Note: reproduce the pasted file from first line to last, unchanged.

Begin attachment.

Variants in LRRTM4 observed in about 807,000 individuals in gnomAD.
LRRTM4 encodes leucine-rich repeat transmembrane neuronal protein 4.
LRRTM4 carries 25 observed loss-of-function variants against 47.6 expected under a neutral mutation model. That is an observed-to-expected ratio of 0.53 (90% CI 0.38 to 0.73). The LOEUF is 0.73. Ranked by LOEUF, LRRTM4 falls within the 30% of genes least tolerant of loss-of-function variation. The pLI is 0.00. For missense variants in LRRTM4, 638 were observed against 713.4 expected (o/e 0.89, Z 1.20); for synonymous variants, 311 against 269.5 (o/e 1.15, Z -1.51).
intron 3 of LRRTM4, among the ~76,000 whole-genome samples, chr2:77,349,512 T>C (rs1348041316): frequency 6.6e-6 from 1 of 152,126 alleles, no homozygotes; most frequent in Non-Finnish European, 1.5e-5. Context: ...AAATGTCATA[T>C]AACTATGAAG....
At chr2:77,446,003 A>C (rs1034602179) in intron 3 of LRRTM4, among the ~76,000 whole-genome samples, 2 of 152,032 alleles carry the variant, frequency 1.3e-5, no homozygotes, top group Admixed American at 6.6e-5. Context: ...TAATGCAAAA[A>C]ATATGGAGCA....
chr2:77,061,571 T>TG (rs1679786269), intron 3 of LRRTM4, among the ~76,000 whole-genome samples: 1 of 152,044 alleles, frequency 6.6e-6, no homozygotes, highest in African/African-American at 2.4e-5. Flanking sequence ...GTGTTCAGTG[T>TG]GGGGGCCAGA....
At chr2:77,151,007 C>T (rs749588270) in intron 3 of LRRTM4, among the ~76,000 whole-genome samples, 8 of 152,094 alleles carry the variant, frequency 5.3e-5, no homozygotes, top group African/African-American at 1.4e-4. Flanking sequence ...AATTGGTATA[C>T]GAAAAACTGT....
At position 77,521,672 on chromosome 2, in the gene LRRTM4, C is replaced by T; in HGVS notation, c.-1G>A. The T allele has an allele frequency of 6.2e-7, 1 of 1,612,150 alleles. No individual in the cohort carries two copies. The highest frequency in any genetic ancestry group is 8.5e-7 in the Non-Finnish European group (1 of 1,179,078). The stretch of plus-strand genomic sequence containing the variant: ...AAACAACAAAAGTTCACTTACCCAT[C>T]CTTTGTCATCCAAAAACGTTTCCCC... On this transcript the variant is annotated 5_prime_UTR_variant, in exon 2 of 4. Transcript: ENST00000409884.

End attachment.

Variants in LRRTM4 observed in about 807,000 individuals in gnomAD.
LRRTM4 encodes leucine-rich repeat transmembrane neuronal protein 4.
LRRTM4 carries 25 observed loss-of-function variants against 47.6 expected under a neutral mutation model. That is an observed-to-expected ratio of 0.53 (90% CI 0.38 to 0.73). The LOEUF is 0.73. Ranked by LOEUF, LRRTM4 falls within the 30% of genes least tolerant of loss-of-function variation. The pLI is 0.00. For missense variants in LRRTM4, 638 were observed against 713.4 expected (o/e 0.89, Z 1.20); for synonymous variants, 311 against 269.5 (o/e 1.15, Z -1.51).
intron 3 of LRRTM4, among the ~76,000 whole-genome samples, chr2:77,349,512 T>C (rs1348041316): frequency 6.6e-6 from 1 of 152,126 alleles, no homozygotes; most frequent in Non-Finnish European, 1.5e-5. Context: ...AAATGTCATA[T>C]AACTATGAAG....
At chr2:77,446,003 A>C (rs1034602179) in intron 3 of LRRTM4, among the ~76,000 whole-genome samples, 2 of 152,032 alleles carry the variant, frequency 1.3e-5, no homozygotes, top group Admixed American at 6.6e-5. Context: ...TAATGCAAAA[A>C]ATATGGAGCA....
chr2:77,061,571 T>TG (rs1679786269), intron 3 of LRRTM4, among the ~76,000 whole-genome samples: 1 of 152,044 alleles, frequency 6.6e-6, no homozygotes, highest in African/African-American at 2.4e-5. Flanking sequence ...GTGTTCAGTG[T>TG]GGGGGCCAGA....
At chr2:77,151,007 C>T (rs749588270) in intron 3 of LRRTM4, among the ~76,000 whole-genome samples, 8 of 152,094 alleles carry the variant, frequency 5.3e-5, no homozygotes, top group African/African-American at 1.4e-4. Flanking sequence ...AATTGGTATA[C>T]GAAAAACTGT....
At position 77,521,672 on chromosome 2, in the gene LRRTM4, C is replaced by T; in HGVS notation, c.-1G>A. The T allele has an allele frequency of 6.2e-7, 1 of 1,612,150 alleles. No individual in the cohort carries two copies. The highest frequency in any genetic ancestry group is 8.5e-7 in the Non-Finnish European group (1 of 1,179,078). The stretch of plus-strand genomic sequence containing the variant: ...AAACAACAAAAGTTCACTTACCCAT[C>T]CTTTGTCATCCAAAAACGTTTCCCC... On this transcript the variant is annotated 5_prime_UTR_variant, in exon 2 of 4. Transcript: ENST00000409884.